Story by mayecreate | Nov 01, 2013
Review by Claudia Schoonover
I was fortunate enough some years ago to help someone on the library’s reference desk who was searching our shelves for these stories. The patron explained to me that she read them every year around the holidays. I thought how special the stories must be for someone to make a point of reading them every year. I decided to read them myself three years ago, and I can honestly say reading Capote’s stories is one of the best gifts I’ve given myself. I don’t remember the patron who recommended them, but if I could, I would love to thank her for sharing her holiday tradition with me, which has now become one of mine.
Novelist and playwright Truman Streckfus Person was born in 1924 in New Orleans to a salesman and a 16-year-old beauty queen. His parents divorced when he was 4 years old, and he was then raised by relatives for a few years in Monroeville, Ala. His mother was remarried to a successful businessman, moved to New York, and Truman adopted his stepfather’s surname. Capote said some of his happiest memories are from his childhood in Alabama and with his beloved Aunt Sook.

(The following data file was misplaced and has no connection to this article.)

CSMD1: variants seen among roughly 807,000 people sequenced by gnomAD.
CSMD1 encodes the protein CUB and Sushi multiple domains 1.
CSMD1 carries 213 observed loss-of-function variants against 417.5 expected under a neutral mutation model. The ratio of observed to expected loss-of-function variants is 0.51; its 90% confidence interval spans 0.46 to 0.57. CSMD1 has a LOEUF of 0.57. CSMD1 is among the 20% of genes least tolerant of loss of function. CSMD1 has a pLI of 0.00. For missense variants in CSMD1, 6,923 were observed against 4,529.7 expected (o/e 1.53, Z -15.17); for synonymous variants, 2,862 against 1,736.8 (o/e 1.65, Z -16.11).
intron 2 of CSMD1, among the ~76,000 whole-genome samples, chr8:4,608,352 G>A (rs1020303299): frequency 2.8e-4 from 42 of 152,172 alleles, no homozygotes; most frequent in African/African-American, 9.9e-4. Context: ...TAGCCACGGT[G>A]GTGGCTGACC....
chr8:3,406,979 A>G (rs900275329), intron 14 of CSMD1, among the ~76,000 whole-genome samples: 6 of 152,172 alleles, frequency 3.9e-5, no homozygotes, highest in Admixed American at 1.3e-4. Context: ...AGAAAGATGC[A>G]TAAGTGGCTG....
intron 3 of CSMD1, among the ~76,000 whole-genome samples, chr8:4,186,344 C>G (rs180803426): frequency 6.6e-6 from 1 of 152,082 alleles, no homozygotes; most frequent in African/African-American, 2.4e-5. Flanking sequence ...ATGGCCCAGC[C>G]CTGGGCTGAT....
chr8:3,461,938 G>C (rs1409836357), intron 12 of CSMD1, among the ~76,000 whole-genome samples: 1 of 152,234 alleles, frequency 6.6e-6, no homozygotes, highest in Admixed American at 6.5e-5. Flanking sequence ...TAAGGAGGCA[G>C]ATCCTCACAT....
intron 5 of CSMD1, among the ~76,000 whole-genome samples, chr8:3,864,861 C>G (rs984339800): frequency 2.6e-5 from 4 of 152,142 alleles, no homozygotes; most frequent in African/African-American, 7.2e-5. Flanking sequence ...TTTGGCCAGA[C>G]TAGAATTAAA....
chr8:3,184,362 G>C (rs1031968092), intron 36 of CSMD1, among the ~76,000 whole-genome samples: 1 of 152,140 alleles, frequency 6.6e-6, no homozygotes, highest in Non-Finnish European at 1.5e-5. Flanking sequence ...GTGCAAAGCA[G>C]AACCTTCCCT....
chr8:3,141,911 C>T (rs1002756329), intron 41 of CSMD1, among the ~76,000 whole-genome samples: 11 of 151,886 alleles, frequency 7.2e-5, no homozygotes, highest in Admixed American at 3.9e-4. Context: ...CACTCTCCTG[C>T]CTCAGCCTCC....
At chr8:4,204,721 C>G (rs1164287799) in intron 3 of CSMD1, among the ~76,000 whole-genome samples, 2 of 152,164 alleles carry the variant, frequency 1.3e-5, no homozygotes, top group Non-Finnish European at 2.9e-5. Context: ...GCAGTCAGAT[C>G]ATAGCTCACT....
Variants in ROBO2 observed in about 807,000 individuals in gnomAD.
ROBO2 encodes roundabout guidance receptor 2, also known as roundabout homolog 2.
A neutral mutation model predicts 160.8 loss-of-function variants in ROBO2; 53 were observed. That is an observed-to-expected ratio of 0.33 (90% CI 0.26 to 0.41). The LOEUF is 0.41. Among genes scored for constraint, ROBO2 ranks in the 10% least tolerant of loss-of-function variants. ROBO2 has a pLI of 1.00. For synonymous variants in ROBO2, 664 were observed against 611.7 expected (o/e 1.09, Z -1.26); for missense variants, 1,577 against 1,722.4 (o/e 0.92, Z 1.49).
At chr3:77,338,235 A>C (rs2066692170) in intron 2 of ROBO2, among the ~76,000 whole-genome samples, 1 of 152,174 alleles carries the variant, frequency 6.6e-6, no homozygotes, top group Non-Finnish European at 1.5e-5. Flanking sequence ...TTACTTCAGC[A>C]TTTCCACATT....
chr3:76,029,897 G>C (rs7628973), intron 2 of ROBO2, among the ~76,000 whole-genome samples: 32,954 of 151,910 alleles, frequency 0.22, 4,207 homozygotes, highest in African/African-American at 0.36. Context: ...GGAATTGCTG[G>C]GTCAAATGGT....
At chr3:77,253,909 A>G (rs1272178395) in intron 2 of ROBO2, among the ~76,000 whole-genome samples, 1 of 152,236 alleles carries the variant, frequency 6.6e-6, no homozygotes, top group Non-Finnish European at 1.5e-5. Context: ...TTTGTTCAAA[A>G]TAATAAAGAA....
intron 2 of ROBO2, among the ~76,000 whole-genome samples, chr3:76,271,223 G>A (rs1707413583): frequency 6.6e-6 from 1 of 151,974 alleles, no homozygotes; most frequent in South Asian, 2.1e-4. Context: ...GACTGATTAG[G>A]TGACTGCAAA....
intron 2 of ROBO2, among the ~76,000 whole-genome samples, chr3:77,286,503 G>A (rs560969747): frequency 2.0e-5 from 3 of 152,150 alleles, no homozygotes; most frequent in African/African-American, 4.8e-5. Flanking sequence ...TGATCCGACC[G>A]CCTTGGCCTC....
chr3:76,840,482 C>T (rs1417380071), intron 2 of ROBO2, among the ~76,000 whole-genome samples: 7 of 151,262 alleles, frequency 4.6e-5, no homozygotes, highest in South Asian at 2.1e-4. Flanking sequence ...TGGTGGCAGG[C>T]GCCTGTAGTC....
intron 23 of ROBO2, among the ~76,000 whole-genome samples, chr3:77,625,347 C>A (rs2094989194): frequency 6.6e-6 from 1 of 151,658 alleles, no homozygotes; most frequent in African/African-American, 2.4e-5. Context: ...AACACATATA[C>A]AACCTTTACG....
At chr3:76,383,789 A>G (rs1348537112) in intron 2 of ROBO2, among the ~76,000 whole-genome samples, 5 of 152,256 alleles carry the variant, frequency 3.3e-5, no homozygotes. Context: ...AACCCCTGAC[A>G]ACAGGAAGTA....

This single volume gathers Capote’s three most beloved holiday stories, short memoirs and tributes that carry the “strong, delicious scent of holiday nostalgia.” When reading these short stories, I felt as if I were literally transported back to a time when life was simpler and to a place where people like my own grandparents lived their lives.
Capote is 7 years old in The Christmas Memory and shares an elaborate tale of he and his aunt and their holiday fruitcake-making adventures. One cannot keep from laughing out loud when they contact the local moonshiner about buying whisky for their cakes and, instead of taking their handfuls of saved pennies, he asks for “one of them cakes in exchange.” Another funny moment is when Capote and Sook are making their recipient list and include President and Mrs. Roosevelt. They muse about the possibility of their fruitcake being served at the White House Christmas dinner.
Thanksgiving Visitor is another delightful tale of the local bully being invited to Capote’s home for Thanksgiving and the drama that ensues. One Christmas is a more sobering tale of young Capote being forced to spend Christmas away from his beloved Sook and Alabama clan and instead travels to New York to visit the father he does not know. It’s a heartbreaking story with moments of humor infused throughout. These stories are among my very favorites, and I hope if you give them a chance, they will become part of your Christmas tradition, too.